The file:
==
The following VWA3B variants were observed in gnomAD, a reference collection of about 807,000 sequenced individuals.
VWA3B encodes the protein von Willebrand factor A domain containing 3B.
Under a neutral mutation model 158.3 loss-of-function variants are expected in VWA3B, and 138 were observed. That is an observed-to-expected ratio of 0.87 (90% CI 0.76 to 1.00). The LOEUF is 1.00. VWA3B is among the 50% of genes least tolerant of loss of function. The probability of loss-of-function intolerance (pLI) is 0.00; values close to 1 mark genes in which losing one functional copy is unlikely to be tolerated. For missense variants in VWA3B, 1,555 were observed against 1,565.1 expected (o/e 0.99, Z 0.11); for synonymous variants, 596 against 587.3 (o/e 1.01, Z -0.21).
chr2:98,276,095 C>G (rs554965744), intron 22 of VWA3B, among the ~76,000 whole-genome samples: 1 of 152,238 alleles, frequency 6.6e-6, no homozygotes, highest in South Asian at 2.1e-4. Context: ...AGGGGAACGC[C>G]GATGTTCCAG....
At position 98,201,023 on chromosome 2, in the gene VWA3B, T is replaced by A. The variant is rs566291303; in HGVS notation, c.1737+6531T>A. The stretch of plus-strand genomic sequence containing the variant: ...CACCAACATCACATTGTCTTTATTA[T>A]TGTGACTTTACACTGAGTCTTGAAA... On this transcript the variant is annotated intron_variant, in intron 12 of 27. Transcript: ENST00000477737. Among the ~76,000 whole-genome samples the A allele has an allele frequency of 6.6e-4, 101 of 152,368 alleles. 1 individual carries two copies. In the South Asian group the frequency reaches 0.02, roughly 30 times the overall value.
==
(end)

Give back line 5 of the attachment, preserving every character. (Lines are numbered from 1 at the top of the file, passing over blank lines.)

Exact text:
At position 98,201,023 on chromosome 2, in the gene VWA3B, T is replaced by A. The variant is rs566291303; in HGVS notation, c.1737+6531T>A. The stretch of plus-strand genomic sequence containing the variant: ...CACCAACATCACATTGTCTTTATTA[T>A]TGTGACTTTACACTGAGTCTTGAAA... On this transcript the variant is annotated intron_variant, in intron 12 of 27. Transcript: ENST00000477737. Among the ~76,000 whole-genome samples the A allele has an allele frequency of 6.6e-4, 101 of 152,368 alleles. 1 individual carries two copies. In the South Asian group the frequency reaches 0.02, roughly 30 times the overall value.